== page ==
This also raises another question that Claiborne never answers, even though he goes on and on about it at length. While living hippie-style in these communes, Claiborne praises the lifestyle which allows them to "jump in open fire hydrants...make wiffleball...and make murals" (pp. 122-123). While all of this sounds like a swell way to spend one's time, there is zero mention of any discipleship or soul-winning. What reward has he and the rest of the Simple People stored up in Heaven? To quote a missionary friend who serves in Malawi, "Just because a man is poor doesn't mean he's poor in spirit." He's certainly advocating an agenda, but who is Claiborne winning and nurturing for Jesus Christ?

Finally, Claiborne has no problem pandering his political views, justifying them with the assertion that his politics are right because he has a monopoly on where Jesus falls on the political spectrum. He shrugs off admonition from those in leadership that the pulpit is not to be used for politicking (p. 193), which a wiser man might heed. Anytime that politics are introduced into church they become a source of division, and breaking unity within the body is a severe offense - not a justifiable excuse for propping up political ideas, whether conservative or liberal. Claiborne quickly runs through his take on the Iraq war, capital punishment, George W. Bush, and other hot topics, along with attacking capitalism throughout the book (and never quite offering an alternative solution). Claiborne doesn't seem to consider for even a moment that he might not be God's mouthpiece on sociology and the economy, or that perhaps that when it comes to the church he says he's trying to reach, he should simply shut up and avoid topics that have more potential to cause disunity than change hearts.

Along with that, Claiborne brings condemnation on himself (Romans 13) by repeatedly disrespecting and criticizing President Bush, who, regardless of political preferences, was in a position of authority at the time of Claiborne's writing and who is also a fellow heir of the gospel. Meanwhile, Claiborne has no problem giving a giddy nod to Michael Moore (p. 301), who is currently under the influence of Beelzebub (however politically incorrect it may be to observe that).

Even while affecting humility, Claiborne's pride and arrogance is most glaring. "Among my activist friends, I began to feel a self-righteousness mirroring that of conservative Christianity" (p. 291). What a disgusting, smug generalization! What a prideful statement condemning millions of Christians Claiborne has never even met!

Claiborne sneers at those who ask him to speak and then offer him an honorarium, but he never mentions refusing the money. Nor does he seem capable of any critical thinking when it comes to how economics actually work, although he expresses his disdain clearly enough for them. For example, he talks about a minimart that offers him free groceries, and how Claiborne in turn insures them, and how a mechanic also has given his services free of charge. Claiborne sums all this goodwill up stating, "Funny how money loses its power," and envisions a world where "mammon is starved." While it's a nice idea, how does Claiborne suppose the minimart remains open? Where does the mechanic receive enough funding to pay his bills and offer his free trade to Claiborne? Obviously, there is consumerism involved somewhere or none of these goods and services would be available to him.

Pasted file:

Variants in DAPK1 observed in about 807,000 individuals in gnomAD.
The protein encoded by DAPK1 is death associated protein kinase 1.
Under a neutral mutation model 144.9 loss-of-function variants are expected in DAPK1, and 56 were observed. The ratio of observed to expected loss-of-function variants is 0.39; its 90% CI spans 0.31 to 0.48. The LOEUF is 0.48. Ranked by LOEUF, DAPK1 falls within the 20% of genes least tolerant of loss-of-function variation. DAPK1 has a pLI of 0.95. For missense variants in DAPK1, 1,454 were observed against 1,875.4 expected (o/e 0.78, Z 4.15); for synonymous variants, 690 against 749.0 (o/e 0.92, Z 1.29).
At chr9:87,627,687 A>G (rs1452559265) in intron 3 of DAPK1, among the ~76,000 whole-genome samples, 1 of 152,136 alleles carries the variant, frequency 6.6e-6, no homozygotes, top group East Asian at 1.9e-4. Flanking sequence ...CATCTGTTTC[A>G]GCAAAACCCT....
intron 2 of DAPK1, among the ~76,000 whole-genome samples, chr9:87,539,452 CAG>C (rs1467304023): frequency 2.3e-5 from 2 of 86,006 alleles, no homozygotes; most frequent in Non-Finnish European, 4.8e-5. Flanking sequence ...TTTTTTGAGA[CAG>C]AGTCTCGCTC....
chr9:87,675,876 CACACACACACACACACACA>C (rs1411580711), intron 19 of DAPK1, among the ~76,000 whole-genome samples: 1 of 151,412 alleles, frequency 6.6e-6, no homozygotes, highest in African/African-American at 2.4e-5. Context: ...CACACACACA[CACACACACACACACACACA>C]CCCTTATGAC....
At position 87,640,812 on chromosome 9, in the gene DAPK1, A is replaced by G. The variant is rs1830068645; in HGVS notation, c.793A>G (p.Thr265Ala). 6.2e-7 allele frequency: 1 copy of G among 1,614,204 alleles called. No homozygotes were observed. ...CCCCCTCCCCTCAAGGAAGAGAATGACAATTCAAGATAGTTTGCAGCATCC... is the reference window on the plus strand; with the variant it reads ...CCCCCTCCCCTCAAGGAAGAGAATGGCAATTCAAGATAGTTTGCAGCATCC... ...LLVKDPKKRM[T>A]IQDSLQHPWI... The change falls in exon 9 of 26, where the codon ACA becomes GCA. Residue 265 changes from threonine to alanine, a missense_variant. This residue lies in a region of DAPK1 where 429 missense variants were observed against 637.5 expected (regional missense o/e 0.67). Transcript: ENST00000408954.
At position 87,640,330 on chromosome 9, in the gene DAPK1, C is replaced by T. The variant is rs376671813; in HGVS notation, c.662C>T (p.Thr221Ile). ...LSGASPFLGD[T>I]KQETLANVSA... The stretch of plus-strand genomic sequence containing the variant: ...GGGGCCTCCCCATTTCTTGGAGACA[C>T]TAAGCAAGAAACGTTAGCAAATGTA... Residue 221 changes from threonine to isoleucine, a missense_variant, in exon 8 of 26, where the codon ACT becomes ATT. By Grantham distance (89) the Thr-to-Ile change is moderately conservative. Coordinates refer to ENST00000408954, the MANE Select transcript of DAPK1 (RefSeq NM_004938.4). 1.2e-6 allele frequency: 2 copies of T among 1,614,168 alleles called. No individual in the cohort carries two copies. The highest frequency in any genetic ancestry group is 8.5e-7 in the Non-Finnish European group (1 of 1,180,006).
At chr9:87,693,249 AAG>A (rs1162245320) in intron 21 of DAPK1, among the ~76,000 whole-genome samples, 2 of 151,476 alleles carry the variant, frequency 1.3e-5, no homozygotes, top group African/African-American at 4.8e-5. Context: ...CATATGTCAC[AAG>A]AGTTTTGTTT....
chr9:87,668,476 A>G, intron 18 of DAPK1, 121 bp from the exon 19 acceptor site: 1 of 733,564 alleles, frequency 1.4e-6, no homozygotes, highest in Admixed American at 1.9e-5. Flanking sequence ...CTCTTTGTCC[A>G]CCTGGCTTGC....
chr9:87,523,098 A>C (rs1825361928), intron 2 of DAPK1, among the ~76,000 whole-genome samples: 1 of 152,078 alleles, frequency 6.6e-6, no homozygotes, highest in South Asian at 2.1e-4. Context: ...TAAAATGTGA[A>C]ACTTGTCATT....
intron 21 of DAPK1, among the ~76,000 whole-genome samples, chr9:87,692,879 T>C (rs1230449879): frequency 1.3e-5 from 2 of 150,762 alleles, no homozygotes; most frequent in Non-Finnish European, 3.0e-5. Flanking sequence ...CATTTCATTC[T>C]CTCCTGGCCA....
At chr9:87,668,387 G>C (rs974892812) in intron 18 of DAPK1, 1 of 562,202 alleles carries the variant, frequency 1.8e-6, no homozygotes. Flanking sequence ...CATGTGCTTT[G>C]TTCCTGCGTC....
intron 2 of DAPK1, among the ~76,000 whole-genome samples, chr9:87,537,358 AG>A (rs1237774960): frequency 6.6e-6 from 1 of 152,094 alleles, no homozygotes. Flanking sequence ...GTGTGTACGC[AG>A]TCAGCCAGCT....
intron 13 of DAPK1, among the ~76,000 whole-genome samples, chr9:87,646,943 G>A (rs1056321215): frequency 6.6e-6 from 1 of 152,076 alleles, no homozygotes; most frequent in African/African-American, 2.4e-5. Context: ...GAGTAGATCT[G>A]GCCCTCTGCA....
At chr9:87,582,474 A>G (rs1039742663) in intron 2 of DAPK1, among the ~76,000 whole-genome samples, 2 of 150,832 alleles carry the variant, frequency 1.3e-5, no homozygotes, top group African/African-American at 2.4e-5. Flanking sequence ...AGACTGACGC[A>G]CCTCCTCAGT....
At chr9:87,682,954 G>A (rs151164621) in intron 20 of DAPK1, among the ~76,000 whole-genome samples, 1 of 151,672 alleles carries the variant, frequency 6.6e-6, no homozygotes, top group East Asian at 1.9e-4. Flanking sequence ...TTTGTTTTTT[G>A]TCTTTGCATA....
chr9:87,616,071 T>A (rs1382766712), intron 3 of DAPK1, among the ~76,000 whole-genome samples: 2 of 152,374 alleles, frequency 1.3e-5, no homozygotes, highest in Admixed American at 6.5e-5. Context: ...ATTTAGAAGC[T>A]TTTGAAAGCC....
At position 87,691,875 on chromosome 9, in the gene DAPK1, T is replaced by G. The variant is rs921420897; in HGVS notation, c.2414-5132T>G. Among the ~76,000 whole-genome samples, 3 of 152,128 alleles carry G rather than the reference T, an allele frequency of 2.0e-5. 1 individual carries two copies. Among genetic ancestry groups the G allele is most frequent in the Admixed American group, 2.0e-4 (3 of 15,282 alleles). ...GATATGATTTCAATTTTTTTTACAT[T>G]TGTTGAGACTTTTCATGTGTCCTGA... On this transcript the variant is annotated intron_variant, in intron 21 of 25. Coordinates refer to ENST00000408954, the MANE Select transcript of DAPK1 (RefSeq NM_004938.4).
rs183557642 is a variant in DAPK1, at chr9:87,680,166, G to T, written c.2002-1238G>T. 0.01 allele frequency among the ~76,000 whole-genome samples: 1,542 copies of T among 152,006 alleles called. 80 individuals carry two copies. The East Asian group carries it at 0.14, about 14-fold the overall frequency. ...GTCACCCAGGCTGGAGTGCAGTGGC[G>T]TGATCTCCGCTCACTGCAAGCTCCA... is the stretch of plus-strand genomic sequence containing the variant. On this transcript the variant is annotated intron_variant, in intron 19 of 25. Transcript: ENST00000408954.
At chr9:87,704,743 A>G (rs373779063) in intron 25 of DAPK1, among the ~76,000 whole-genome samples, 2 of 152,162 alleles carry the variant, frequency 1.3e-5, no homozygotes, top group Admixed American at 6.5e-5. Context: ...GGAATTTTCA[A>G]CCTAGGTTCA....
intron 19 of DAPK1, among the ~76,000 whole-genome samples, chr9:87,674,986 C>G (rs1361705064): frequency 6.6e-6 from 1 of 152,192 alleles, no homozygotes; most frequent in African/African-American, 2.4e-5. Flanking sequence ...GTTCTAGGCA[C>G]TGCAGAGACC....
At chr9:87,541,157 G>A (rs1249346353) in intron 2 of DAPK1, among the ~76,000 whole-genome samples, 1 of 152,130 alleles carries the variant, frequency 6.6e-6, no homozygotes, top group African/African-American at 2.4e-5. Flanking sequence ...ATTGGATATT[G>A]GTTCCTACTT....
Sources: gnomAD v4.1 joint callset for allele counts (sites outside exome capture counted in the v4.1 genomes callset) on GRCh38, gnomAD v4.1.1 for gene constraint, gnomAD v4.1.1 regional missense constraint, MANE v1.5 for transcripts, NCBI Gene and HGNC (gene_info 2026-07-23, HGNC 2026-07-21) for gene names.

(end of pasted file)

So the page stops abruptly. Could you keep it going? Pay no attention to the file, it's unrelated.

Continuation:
The most obvious hypocrisy of Claiborne's book is his selling it in the first place. Why shouldn't the $14.99 (US) paid for the book be given to a homeless person instead? Zondervan is a corporation, therefore it must be greedy and evil. The same must be true of the Christian bookstore that carried his book. Whatever happened to his whole platform of "starving mammon" and thereby making it irrelevant. If Claiborne meant what he said and believes so fervently in his message, he'd surely find a way to give the book away to all people, not take money for it.

Shane Claiborne, as I noted to another person who read this book (and like me, got a headache from it) is kind of an opposite-prosperity doctrine propogandist. His is a works-based destitution doctrine, calling for Marxism through the church. What makes his writing so much more dangerous than your average humanist doctrine - devoid of the power of God - is that it masks itself in the guise of a "new" Christianity - a post-modern, post-evangelical Christianity that is full of pride.

Claiborne claims to "love Biblical study" (p. 170). But loving scripture and understanding it are two different things. Understanding it and applying it the way it was meant is another thing as well. This book was, for me, an eye-opener in the dangers of a layman usurping the role of a pastor (I was reminded throughout this book of Korah's rebellion against Moses and Aaron, and his dissatisfaction with how the people of God were being led [Numbers 16]). We are warned that those who teach will incur a harsher judgment, and this book is proof of why. The blind - or at least misguided - should not be leading.

I debated whether or not to write to Claiborne (assuming that he is indeed a Christian, misguided, and not a false teacher) and tell him my concerns over the influence he is wielding over the Body of Christ, and not all of it healthy. However, I detect zero humility anywhere in his writing, and thereby suppose him to be unteachable - unless it's by a 13 year-old or a leftist making documentaries.

Finally, while all this has been a critique of substance rather than form, I must make one closing observation: the writing of this book is atrocious - a stream of consciousness intersecting with half-baked ideas and skewed theology. Disorganized, rambling, and unstructured it is mind-numbing to plow through to the end.

Why Zondervan ever published this patronising, self-righteous run-on sentence is beyond me. Was it solely for the love the of mammon? I do not believe this is so, but I call on them not to continue putting out such a stumbling block to true Christianity.
Let's change the world together.  Mar 25, 2010
If you feel that this life we are living is handing unequal portions to're not alone. I feel this book helps bring life's "pebbles in the shoe" into a more clear focus. In my opinion, a must read.